Pressure to clear away the country’s forests come from loggers, ranchers, and large-scale commercial agricultural ventures. The highlands, favored for production of coffee and tea, and the Pacific lowlands, with their beef and cotton industries, are especially threatened. During the 1960s large tracts of virgin forests were cleared to make way for cattle.

During the 1970s, the government responded by clamping down on the export of more than 60 species of trees, and began requiring permits for timbering. In 1993 it established a commission to thoroughly study and prescribe remedies for the country’s growing environmental problems.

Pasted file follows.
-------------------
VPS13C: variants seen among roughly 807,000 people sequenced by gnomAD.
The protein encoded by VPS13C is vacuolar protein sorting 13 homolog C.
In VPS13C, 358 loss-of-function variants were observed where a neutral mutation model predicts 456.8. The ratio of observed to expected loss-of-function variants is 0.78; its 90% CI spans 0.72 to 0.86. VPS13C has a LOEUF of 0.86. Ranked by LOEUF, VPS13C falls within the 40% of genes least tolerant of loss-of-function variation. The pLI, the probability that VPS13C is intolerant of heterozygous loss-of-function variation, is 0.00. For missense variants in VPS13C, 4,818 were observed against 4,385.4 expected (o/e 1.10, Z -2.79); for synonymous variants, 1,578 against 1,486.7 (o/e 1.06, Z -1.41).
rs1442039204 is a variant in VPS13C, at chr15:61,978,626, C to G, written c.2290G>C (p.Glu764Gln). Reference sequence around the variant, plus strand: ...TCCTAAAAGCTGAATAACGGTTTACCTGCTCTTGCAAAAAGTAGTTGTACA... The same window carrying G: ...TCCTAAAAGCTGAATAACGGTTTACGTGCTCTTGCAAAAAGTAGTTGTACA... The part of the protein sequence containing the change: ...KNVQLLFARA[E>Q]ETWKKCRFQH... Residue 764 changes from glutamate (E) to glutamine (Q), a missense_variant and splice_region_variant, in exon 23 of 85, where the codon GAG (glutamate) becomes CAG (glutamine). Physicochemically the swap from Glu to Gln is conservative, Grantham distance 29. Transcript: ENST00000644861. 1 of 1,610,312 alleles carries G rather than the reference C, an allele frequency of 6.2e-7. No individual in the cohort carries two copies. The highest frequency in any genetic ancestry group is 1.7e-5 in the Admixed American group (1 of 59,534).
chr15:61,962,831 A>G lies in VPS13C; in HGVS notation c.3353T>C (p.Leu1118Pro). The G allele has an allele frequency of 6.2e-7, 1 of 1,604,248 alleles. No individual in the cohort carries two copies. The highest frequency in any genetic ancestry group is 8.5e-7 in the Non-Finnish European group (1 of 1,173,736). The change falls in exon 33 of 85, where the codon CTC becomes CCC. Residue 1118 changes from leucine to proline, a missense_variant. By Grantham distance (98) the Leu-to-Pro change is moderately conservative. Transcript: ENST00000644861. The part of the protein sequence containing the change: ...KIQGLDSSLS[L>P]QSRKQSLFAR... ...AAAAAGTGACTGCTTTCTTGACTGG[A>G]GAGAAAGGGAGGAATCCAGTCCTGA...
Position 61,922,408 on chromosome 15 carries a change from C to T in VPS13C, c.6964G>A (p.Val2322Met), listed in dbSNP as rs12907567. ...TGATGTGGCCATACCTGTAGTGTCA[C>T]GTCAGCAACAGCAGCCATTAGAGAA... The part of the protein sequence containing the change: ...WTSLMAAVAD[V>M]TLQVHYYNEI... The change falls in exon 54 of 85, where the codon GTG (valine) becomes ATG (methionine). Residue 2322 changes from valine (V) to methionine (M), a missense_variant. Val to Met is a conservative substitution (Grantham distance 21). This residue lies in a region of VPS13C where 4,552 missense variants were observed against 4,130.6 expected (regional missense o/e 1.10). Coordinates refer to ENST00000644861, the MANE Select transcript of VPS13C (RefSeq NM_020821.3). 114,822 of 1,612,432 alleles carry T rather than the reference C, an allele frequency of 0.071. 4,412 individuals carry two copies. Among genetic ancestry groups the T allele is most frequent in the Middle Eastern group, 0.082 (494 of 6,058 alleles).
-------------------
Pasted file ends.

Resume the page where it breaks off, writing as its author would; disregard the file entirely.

IMG_2813Today about 27 percent of the country is under some form of protection – the most of any country in the world – including almost 12 percent of the land designated as national parks. Other areas are set aside as forest and Indian reserves, wildlife refuges, and buffer zones.

Costa Rica stands as the most visited nation in the Central American region, with 2.4 million foreign visitors in 2013, followed by Panama with almost 1.5 million visitors. International tourist receipts rose to US$2.4 billion in 2012. Tourism now earns more foreign exchange than bananas and coffee combined

Costa Rica was a true paradise of rest and peace and it should stay like that forever. And it is on us and them to keep it like this.

Andrej Laciak